Photo captioned, "Seoul, April 25, 1970 (6th U.S. Army)--Former Pusan Mayor Kim, Duk-yup (left), newly appointed governor of North Kyongsang Province, recently was presented a key to the City of New Orleans by Lieutenant General John A. Heintges, deputy commanding general, 8th U.S. Army, on behalf of New Orleans Mayor Victor H. Schiro. The key, along with a certificate of honorary New Orleans citizenship, was presented in recognition of close ties between the two port cities. New Orleans is the port of embarkation for large tonnages of supplies destined for U.S. Forces Korea and Pusan is the port of debarkation of these supplies. (NOPL)

Photo of pile driving for ceremony for the clubhouse at Pontchartrain Park, April 25, 1956.  Included are Joseph Bartholomew, Reverend A.L. Davis; and Mayor deLesseps S. Morrison.

The New Orleans municipal government's Civil Service system began operations in 1943 and it soon became apparent that a municipal employees' retirement system was necessary and desirable. Act 119 of the 1944 Louisiana Legislature made such a system possible, and led the City to appoint a Retirement Committee to survey and report to the City Council on the feasibility of instituting a retirement system. On April 25, 1947 the Council passed ordinance #16,833 CCS establishing the Board of Trustees of the Employees' Retirement System of the City of New Orleans. (NOPL)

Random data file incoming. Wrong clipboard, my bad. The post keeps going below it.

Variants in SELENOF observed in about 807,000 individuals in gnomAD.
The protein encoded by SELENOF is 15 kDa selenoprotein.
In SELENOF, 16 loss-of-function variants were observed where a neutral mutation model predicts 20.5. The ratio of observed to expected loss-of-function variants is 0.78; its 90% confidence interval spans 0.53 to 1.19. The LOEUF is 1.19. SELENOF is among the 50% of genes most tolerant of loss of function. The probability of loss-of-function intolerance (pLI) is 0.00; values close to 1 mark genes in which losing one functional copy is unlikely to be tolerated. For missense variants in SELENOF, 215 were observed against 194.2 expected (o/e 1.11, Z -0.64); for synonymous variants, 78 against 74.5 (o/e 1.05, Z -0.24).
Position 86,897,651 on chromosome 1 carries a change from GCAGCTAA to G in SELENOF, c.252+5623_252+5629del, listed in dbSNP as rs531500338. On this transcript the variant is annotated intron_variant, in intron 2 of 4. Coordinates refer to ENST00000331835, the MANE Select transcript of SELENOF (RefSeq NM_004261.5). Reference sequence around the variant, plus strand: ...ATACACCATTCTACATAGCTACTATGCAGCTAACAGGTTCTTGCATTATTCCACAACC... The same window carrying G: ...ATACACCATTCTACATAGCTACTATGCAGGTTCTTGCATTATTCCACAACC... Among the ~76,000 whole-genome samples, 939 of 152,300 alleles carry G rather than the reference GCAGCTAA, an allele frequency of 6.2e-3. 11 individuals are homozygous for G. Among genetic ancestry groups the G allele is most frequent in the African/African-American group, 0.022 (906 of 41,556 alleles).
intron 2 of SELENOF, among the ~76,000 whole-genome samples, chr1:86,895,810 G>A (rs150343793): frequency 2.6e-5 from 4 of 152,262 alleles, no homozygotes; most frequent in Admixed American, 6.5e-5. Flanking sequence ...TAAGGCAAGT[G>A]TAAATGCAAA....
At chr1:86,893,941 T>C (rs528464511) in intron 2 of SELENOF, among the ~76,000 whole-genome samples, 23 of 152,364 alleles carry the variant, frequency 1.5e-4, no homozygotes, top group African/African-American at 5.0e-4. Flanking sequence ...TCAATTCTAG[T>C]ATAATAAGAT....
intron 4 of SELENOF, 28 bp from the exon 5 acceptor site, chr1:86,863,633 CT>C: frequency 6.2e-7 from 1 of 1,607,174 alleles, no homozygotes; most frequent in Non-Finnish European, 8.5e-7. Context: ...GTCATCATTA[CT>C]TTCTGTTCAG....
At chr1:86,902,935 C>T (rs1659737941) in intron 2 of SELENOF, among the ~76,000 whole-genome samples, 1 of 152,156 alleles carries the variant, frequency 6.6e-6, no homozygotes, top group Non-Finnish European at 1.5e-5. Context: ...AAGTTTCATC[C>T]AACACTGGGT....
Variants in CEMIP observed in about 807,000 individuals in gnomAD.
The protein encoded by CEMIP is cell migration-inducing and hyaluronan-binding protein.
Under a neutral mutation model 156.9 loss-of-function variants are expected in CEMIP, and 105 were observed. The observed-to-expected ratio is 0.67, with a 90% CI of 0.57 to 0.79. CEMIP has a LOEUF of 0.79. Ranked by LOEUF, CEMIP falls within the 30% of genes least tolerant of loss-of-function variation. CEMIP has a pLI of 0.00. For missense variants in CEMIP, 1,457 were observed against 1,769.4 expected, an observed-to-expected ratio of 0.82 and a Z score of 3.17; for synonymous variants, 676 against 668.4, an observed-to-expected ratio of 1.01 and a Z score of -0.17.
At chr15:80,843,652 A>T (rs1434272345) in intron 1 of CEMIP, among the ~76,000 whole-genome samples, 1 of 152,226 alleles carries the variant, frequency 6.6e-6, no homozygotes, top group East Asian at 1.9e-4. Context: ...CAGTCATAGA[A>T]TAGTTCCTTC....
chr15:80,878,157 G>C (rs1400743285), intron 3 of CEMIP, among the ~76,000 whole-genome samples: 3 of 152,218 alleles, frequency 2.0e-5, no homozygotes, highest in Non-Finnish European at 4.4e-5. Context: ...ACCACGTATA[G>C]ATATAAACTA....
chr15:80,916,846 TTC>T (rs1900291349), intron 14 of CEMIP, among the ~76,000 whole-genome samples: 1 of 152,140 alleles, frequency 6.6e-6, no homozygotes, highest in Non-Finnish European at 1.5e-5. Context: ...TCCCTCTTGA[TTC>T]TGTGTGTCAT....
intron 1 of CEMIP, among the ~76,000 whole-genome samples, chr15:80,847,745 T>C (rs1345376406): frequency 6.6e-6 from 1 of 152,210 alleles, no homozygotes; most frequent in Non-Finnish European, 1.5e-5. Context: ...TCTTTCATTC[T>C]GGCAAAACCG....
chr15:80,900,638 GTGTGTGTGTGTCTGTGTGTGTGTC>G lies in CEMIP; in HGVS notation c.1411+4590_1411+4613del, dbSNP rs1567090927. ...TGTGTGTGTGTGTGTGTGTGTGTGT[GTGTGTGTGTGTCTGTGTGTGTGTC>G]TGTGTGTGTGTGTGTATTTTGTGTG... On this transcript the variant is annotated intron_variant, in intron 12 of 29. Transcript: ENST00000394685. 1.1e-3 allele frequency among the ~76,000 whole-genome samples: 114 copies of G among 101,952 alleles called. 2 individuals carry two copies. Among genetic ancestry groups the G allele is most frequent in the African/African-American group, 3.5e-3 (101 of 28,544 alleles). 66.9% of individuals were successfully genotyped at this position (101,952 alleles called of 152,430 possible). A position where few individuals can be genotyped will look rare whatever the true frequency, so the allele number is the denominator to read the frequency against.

On April 25, 1909, some miscreant placed a dynamite bomb in the cathedral, and the resulting explosion not only shattered the window glass, but the galleries were badly damaged. Only by a species of miracle did the venerable edifice survive this dastardly outrage. Through the efforts of Father Laval, then rector of the cathedral, a fund was raised and the damage was repaired.  (From Kendall's History of New Orleans.)

John Fitzpatrick (Fairfield, Vermont, May 1, 1844 – April 8, 1919) was an Irish-American mayor of New Orleans from April 25, 1892 to April 27, 1896.

According to local historian Buddy Stall, In 1870, the Cincinnati Redlegs, the nation’s first professional baseball club, went on a cross-country tour of the United States. New Orleans was one of its many stops along the way. The first of the five games scheduled in New Orleans was played on April 25, 1870 against the New Orleans Pelicans. This was the first team to bear the Pelican label in public. The game wasn’t even close. Cincinnati won, 51-1. But New Orleans had nothing to be ashamed of thought, because, over a two-year period, the Redlegs won 126 games and lost just six ( a .995 winning percentage).  he Redlegs scored more than 100 runs five times during this period. Of the five games the two played during that series, Cincinnati won every one, scoring 219 runs to the Pelicans’ 24.

The Diocese of Louisiana and the Floridas was established on April 25, 1793.

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Abreviations used on this site: NOPL (New Orleans Public Library), LOC (Library of Congress), LDL (Lousiana Digital Library), HNOC (Historic New Orleans Collection), WIKI (Wikipedia).